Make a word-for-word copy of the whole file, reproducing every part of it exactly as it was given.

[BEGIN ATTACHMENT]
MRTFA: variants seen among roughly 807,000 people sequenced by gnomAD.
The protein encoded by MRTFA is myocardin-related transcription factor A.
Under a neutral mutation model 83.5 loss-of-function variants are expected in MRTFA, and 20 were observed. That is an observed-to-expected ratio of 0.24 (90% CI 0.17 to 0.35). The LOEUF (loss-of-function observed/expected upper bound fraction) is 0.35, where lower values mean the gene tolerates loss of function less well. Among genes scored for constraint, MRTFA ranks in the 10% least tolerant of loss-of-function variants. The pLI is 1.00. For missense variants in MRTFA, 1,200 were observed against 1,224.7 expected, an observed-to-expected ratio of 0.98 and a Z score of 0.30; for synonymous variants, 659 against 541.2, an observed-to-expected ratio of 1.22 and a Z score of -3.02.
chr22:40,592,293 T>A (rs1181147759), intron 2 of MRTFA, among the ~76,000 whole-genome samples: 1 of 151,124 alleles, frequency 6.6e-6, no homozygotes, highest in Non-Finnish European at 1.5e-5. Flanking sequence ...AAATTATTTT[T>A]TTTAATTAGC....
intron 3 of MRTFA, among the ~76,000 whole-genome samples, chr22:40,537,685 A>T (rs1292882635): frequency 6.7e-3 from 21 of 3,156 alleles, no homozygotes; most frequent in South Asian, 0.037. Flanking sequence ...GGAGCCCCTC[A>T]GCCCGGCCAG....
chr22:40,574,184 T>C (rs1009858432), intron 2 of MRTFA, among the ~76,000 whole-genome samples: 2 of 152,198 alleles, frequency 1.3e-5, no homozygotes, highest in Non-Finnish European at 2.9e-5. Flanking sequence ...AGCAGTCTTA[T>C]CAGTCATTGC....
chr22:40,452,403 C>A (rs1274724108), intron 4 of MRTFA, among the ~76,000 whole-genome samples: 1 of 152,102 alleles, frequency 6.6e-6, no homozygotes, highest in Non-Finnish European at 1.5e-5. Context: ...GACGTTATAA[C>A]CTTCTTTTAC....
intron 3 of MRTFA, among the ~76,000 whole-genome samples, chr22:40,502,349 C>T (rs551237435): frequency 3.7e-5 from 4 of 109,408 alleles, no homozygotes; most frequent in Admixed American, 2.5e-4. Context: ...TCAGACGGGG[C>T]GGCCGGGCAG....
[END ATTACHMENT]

MRTFA: variants seen among roughly 807,000 people sequenced by gnomAD.
The protein encoded by MRTFA is myocardin-related transcription factor A.
Under a neutral mutation model 83.5 loss-of-function variants are expected in MRTFA, and 20 were observed. That is an observed-to-expected ratio of 0.24 (90% CI 0.17 to 0.35). The LOEUF (loss-of-function observed/expected upper bound fraction) is 0.35, where lower values mean the gene tolerates loss of function less well. Among genes scored for constraint, MRTFA ranks in the 10% least tolerant of loss-of-function variants. The pLI is 1.00. For missense variants in MRTFA, 1,200 were observed against 1,224.7 expected, an observed-to-expected ratio of 0.98 and a Z score of 0.30; for synonymous variants, 659 against 541.2, an observed-to-expected ratio of 1.22 and a Z score of -3.02.
chr22:40,592,293 T>A (rs1181147759), intron 2 of MRTFA, among the ~76,000 whole-genome samples: 1 of 151,124 alleles, frequency 6.6e-6, no homozygotes, highest in Non-Finnish European at 1.5e-5. Flanking sequence ...AAATTATTTT[T>A]TTTAATTAGC....
intron 3 of MRTFA, among the ~76,000 whole-genome samples, chr22:40,537,685 A>T (rs1292882635): frequency 6.7e-3 from 21 of 3,156 alleles, no homozygotes; most frequent in South Asian, 0.037. Flanking sequence ...GGAGCCCCTC[A>T]GCCCGGCCAG....
chr22:40,574,184 T>C (rs1009858432), intron 2 of MRTFA, among the ~76,000 whole-genome samples: 2 of 152,198 alleles, frequency 1.3e-5, no homozygotes, highest in Non-Finnish European at 2.9e-5. Flanking sequence ...AGCAGTCTTA[T>C]CAGTCATTGC....
chr22:40,452,403 C>A (rs1274724108), intron 4 of MRTFA, among the ~76,000 whole-genome samples: 1 of 152,102 alleles, frequency 6.6e-6, no homozygotes, highest in Non-Finnish European at 1.5e-5. Context: ...GACGTTATAA[C>A]CTTCTTTTAC....
intron 3 of MRTFA, among the ~76,000 whole-genome samples, chr22:40,502,349 C>T (rs551237435): frequency 3.7e-5 from 4 of 109,408 alleles, no homozygotes; most frequent in Admixed American, 2.5e-4. Context: ...TCAGACGGGG[C>T]GGCCGGGCAG....